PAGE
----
The onset of the politically instigated violence in my country meant that circumstances had taken a turn for the worst.
The future seemed bleaker for me and scores of others who had now been left in this world with minimal hope to hang onto. I acknowledged that life had to be redefined. I had to carry the tag of a refugee, a position that came with immense challenges especially being in a foreign country called Kenya. Xenophobia was the first significant challenge that I encountered in my new status, in society. Kenya is a nation with predominantly distinct people, being a foreigner does not make circumstances better. After traveling for a significant period, I arrived at the refugee camp called……………….
The patches of my country men gave me some sense of belonging. However, the natives had deeply rooted xenophobic feelings and were so spiteful of the foreigners. This position could not do any better in curbing the nostalgic feelings that were taking a toll on me. Life was steadily becoming unbearable due to the feelings pertaining to negativity.
A chronic shortage of food characterizes life in the camps, the over 50,000 refugees depended on the irregular hand outs from the UNHCR, Red Cross and other well wishers. The food rations are, however, so little and are not balanced. I was once struck by a bout of malnutrition and longing for a good meal. The situation is even worse for children, women and the sick because they can not fight for food with the strong refugees. The limited or absence of water supply does not make life interesting in the camp. Most camps are hardship areas and lie close to the desert and other arid areas, thus water scarcity becomes a key challenge. The water supplied by the Red Cross and UNHCR is hardly enough to cook, leave alone bathing or washing clothes.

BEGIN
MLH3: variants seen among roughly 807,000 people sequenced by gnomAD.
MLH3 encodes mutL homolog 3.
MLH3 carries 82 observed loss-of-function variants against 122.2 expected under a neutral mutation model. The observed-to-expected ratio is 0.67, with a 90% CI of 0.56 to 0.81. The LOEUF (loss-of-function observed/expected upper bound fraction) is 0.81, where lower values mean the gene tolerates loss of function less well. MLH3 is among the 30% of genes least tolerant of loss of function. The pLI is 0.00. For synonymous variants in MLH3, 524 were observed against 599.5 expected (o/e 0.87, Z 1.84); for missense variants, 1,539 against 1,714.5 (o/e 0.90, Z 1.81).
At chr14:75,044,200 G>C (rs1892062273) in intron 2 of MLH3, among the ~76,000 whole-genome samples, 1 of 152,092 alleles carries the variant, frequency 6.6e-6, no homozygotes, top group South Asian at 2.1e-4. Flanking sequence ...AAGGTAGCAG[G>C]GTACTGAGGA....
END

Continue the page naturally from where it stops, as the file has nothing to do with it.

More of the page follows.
Life then becomes complicated as the sun scorches consequently making life uncomfortable. This is because Kenya lies in the tropical region. This is coupled with food shortage consequently resulting in frequent cases of human dehydration and starvation. Inadequacy of healthcare services is another grave challenge that I faced in the camp. Medical staff as illustrated by the nurse and doctor is rarely available at the camp.
We had to depend on mobile clinics that did rounds in the camp at irregular levels. The drugs presented were questionable since they did little to alleviate the pain I was experiencing. These conditions led to unwarranted deaths that could easily be prevented had there been proper medical care. It is noteworthy that malaria is an ailment that was common in the camps. I remember my dear friend Said undergoing medical tribulations due to poor attention by the therapeutic personnel. The frequent tribal clashes in the neighborhood could not make life any better in the refugee camp.
At some point, I even thought their major economic activity was cattle rustling due to the frequency in which such activities occurred. This made numbers in the camp increase since the locals became internally displaced and moved to the camp. That served to further strain the relationship between the natives and foreigners, in addition, to aggravating the food and water crises.
Insecurity was so rife in the camp. It is noteworthy that the empty shelters within the camp harbored criminals who then invaded the camp. This is with the aim of terrorizing the refugees. They even went further to sexually abuse women and young girls; furthermore, they torched the camps for reasons best understood by them. They were so inhumane that they eve stole the scarce food rations that we had been allotted by persons of good will.
I deduced such an occurrence as the most detestable human act that culminates in strife. Refugee life means that acquisition of information and knowledge has to be forfeited. Information is either unavailable or inaccessible. As a refugee, I remained unaware of the happenings in the world. I became so ignorant that I did not even know my privileges, constitutional rights and limitations as a refugee. Educational facilities are particularly scarce and nearly all of them are intricate to access. Being in a foreign country, I experienced a sociocultural shock. People dressed differently, worshipped in dissimilar ways; furthermore, such persons went about their life in a manner that was foreign to me.
As a refugee, I had no option but to conform and even do things that in my society were considered socially improper. I had no option but do it in order to fit into the society. Life as a refugee in Africa entails a lot of compromises especially on issues that an individual considers wrong. Failure to compromise means that an individual is unlikely to survive in the host nation.
Life in the refugee camp is so challenging with so little to smile about as most things are done against your will and are a betrayal of your beliefs.